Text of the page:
Pile of rocks worked on in prison by Nelson Mandela
I see that Arthur Goldreich has died in Israel at the age of 82. He was remembered in a Globe and Mail obituary as a romantic revolutionary, but I remember him as one of the most eloquent, riveting orators I ever heard.
He is certainly a man who deserves to be honoured, because he was one of those white activists in South Africa who, in the 1950s and early 60s identified themselves with the struggle for freedom of the black people of the country, who were being treated as worse than animals by the Africaans government and its lunatic policy of apartheid. Goldriech was a rich, Jewish architect, one of a number of remarkable Jews who joined the African National Congress, and did not shrink from it when armed struggle was the only action left open to them.
Rivonia was a wealthy suburb of Johannesburg, where 19 leaders of the ANC were arrested on July 11, 1963 in a house owned by Arthur Goldreich called Liliesleaf Farm, that had been used as a hideout place for ANC leaders. Mandela had previously been imprisoned on various charges, and was not among the 19 arrested, but when the trial occurred he was among the leading accused. It was at this so-called Rivonia trial that he made his famous speech to the court in which he said:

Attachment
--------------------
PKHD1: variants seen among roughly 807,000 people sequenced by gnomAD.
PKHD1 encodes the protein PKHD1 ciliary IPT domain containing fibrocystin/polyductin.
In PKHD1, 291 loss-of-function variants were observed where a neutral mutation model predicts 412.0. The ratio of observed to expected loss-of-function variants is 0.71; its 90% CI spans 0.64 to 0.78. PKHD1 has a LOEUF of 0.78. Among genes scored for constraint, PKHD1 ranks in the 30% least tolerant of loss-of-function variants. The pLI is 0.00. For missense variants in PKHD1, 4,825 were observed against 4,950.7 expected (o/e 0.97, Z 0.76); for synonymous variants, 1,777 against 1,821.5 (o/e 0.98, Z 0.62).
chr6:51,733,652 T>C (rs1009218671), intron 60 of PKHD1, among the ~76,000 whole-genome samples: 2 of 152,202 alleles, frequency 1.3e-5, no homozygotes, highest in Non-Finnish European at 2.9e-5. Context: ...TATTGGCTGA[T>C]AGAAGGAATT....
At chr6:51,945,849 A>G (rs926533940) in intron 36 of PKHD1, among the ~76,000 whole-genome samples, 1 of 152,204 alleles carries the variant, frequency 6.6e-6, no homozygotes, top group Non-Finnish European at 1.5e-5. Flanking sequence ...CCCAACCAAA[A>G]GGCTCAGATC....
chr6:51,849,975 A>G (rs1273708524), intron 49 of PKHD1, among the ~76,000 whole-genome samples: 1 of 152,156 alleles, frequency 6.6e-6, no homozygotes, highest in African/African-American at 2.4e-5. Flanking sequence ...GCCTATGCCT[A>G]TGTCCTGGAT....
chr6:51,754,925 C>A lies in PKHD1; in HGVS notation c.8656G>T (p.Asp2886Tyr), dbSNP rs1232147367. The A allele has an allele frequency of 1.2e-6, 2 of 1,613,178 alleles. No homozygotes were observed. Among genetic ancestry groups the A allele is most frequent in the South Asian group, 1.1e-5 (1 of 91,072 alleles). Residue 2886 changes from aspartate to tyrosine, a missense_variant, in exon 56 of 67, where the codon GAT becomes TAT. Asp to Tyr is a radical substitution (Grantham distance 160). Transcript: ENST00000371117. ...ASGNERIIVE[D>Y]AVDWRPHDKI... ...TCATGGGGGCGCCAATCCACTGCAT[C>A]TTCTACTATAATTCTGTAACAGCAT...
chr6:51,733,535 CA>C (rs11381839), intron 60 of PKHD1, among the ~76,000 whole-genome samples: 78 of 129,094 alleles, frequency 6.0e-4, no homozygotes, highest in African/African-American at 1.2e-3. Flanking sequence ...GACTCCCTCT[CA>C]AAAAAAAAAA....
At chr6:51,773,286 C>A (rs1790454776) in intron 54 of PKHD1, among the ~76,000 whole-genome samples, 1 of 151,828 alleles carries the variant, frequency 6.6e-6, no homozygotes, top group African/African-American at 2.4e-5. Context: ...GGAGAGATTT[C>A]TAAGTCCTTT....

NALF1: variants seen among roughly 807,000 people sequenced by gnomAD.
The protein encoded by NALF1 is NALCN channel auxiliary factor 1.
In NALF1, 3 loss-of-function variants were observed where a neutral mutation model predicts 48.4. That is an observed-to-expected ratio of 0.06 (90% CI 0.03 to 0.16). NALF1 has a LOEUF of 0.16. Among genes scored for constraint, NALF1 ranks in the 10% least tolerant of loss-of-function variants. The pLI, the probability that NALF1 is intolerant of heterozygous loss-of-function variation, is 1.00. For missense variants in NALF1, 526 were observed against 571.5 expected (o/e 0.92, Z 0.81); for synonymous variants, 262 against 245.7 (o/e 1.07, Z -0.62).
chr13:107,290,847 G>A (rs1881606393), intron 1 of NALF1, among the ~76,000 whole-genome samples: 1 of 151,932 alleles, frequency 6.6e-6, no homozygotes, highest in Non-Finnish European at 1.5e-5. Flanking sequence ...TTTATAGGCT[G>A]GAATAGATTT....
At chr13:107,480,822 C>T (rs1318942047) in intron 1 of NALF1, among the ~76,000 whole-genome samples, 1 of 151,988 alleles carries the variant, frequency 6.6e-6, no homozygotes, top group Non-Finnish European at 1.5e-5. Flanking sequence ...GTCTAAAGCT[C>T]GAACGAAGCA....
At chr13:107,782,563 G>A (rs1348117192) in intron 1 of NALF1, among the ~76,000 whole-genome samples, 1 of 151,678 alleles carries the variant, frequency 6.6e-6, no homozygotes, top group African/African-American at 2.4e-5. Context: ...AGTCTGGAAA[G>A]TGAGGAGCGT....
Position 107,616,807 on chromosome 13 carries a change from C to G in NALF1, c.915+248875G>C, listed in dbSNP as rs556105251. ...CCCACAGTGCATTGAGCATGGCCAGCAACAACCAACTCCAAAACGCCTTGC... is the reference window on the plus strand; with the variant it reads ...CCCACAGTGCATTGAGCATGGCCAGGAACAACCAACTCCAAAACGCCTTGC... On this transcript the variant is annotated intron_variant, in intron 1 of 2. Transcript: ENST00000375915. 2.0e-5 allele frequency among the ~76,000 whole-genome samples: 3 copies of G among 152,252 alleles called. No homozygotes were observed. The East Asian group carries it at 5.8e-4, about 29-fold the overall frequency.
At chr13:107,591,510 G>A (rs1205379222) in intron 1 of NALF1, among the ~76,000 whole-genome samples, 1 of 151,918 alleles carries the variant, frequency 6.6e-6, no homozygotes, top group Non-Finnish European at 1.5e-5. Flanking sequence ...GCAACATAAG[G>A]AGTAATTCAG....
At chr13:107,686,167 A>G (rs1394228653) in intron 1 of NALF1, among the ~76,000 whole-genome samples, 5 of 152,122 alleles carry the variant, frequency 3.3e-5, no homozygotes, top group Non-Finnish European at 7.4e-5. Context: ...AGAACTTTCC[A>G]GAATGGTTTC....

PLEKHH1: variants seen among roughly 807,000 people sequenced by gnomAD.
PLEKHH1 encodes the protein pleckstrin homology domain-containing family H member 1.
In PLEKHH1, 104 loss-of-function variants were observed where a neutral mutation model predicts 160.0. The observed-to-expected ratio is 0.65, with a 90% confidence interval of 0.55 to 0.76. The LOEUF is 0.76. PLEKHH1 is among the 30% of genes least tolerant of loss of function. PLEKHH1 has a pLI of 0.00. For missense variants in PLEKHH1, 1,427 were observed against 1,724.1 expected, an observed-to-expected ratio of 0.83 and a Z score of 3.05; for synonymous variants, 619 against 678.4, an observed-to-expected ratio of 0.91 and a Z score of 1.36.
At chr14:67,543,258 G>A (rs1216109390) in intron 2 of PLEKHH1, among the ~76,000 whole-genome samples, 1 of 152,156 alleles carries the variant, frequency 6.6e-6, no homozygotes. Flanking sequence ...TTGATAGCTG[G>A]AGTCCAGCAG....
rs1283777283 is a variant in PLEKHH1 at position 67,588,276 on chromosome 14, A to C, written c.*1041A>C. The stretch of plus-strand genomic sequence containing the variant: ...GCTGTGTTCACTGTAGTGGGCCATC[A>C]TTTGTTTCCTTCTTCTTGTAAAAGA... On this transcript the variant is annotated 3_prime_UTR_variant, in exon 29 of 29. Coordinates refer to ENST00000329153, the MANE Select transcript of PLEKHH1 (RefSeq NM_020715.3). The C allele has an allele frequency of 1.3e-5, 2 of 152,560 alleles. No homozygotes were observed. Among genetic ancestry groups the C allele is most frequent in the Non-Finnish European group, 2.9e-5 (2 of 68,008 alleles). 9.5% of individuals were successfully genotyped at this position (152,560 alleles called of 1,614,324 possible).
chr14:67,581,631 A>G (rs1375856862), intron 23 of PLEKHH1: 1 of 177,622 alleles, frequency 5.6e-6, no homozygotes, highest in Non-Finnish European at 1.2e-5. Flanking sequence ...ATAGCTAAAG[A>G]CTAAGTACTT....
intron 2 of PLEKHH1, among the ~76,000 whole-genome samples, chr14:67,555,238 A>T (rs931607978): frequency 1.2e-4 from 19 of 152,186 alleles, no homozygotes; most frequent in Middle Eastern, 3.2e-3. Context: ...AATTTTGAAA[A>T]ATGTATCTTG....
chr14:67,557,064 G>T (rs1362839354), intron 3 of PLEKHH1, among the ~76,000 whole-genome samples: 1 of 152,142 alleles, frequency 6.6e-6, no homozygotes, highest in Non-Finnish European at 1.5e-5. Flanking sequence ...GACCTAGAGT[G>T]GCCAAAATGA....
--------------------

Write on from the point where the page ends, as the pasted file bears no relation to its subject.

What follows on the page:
“This is the struggle of the African people, inspired by their own suffering and experience. It is a struggle for the right to live. I have cherished the ideal of a democratic and free society, in which all persons live together in harmony and with equal opportunity. It is an ideal which I hope to live for and achieve. But, if needs be, my Lord, it is an ideal for which I am prepared to die.”
With that he was sentenced to life imprisonment, and was not released until 1990, after 27 years in Robben Island prison. A man of such moral courage that he dictated the terms of his own release.
Five or six white Jews were among those arrested, along with two Indians, and several Xhosa, symbolizing the fact that the ANC programme was for a non-racial South Africa.
Goldreich and his friend Harold Wolpe bribed a guard during their imprisonment who allowed them to escape. They hid in various safe houses for two months, and finally escaped from South Africa by posing as priests. They went to England, and on arrival directly to the annual conference of the Labour Party, which was already underway. That is where I heard them speak to one of the many side meetings that always took place at this conference, where their presentation of the facts of South African life electrified the crowd, especially when presented in the golden oratory of Goldreich.